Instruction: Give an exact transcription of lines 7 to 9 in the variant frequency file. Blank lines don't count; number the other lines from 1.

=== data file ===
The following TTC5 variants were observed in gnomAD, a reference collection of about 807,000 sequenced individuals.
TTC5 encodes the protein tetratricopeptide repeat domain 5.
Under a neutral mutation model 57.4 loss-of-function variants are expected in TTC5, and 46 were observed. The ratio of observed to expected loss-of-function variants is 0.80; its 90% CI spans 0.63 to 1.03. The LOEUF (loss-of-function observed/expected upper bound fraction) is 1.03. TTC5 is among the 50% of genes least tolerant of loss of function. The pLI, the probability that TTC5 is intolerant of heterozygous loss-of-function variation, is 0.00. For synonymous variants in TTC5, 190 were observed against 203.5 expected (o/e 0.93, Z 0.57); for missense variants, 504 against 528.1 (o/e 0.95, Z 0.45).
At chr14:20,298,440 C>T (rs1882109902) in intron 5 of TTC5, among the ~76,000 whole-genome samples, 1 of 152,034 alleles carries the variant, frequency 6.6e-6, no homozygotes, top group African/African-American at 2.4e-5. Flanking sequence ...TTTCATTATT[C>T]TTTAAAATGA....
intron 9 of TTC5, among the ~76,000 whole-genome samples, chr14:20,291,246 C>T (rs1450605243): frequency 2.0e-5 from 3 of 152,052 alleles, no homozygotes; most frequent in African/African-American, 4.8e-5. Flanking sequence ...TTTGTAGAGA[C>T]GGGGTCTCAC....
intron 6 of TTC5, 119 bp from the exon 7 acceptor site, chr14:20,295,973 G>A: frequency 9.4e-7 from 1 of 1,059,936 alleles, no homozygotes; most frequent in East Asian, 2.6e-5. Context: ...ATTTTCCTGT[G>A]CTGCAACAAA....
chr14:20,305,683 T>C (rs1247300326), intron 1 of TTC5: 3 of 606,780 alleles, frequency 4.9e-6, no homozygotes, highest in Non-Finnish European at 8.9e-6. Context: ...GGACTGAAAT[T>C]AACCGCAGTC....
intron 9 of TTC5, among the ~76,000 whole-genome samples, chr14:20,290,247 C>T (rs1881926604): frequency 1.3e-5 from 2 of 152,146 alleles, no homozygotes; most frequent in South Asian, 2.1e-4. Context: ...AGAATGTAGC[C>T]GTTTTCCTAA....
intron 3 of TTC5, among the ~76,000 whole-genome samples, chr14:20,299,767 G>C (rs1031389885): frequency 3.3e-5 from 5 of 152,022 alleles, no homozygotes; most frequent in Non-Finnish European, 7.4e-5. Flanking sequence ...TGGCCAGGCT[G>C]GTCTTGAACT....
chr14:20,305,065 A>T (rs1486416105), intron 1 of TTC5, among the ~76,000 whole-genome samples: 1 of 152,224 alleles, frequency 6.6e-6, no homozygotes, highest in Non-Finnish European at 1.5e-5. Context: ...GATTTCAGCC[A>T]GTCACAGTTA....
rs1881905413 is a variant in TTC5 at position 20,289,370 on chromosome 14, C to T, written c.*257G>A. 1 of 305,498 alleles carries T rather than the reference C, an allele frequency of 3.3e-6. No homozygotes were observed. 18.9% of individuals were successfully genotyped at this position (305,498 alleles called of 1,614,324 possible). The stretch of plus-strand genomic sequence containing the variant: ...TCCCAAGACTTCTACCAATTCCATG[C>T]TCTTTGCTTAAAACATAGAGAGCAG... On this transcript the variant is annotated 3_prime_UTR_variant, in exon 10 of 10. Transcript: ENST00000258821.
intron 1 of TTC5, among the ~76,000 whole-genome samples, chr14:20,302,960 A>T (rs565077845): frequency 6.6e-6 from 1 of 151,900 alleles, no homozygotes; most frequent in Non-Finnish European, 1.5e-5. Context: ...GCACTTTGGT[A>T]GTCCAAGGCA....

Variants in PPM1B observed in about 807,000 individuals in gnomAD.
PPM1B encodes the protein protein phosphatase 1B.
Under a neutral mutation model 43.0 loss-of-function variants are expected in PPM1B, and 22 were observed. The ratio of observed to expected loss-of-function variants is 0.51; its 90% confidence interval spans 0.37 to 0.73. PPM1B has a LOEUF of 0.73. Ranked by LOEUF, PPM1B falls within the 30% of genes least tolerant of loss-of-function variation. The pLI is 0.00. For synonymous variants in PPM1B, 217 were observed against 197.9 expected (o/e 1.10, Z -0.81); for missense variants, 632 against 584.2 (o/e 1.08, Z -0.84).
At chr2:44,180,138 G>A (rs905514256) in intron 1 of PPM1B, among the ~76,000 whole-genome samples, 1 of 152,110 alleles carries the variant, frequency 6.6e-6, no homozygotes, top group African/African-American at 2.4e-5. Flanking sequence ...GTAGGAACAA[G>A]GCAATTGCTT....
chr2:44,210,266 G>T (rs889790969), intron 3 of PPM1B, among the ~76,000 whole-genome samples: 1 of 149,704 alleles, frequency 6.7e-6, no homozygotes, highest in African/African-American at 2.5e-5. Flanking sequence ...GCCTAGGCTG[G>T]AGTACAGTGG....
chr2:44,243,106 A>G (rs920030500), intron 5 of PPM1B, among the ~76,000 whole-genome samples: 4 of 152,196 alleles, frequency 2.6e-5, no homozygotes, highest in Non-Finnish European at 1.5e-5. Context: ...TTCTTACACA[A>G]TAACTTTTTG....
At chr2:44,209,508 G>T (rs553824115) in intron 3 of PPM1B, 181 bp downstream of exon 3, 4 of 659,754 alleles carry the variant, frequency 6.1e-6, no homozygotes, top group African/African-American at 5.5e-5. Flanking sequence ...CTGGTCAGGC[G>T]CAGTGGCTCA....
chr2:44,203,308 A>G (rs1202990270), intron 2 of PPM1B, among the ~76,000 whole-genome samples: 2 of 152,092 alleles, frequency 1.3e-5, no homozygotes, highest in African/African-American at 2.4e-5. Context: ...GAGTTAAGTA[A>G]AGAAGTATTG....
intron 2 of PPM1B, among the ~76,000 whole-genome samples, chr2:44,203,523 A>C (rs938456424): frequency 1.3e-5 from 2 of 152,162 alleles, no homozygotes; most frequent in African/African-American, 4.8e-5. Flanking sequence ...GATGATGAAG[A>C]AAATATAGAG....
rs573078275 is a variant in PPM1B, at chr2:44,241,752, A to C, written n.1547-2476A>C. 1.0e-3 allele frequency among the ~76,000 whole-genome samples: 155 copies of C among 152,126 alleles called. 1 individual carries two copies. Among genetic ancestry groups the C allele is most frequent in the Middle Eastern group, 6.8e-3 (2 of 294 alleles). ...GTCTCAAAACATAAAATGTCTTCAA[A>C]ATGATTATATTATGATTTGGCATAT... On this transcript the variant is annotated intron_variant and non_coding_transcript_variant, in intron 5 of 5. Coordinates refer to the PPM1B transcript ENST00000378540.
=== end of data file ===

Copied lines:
chr14:20,305,683 T>C (rs1247300326), intron 1 of TTC5: 3 of 606,780 alleles, frequency 4.9e-6, no homozygotes, highest in Non-Finnish European at 8.9e-6. Context: ...GGACTGAAAT[T>C]AACCGCAGTC....
intron 9 of TTC5, among the ~76,000 whole-genome samples, chr14:20,290,247 C>T (rs1881926604): frequency 1.3e-5 from 2 of 152,146 alleles, no homozygotes; most frequent in South Asian, 2.1e-4. Context: ...AGAATGTAGC[C>T]GTTTTCCTAA....
intron 3 of TTC5, among the ~76,000 whole-genome samples, chr14:20,299,767 G>C (rs1031389885): frequency 3.3e-5 from 5 of 152,022 alleles, no homozygotes; most frequent in Non-Finnish European, 7.4e-5. Flanking sequence ...TGGCCAGGCT[G>C]GTCTTGAACT....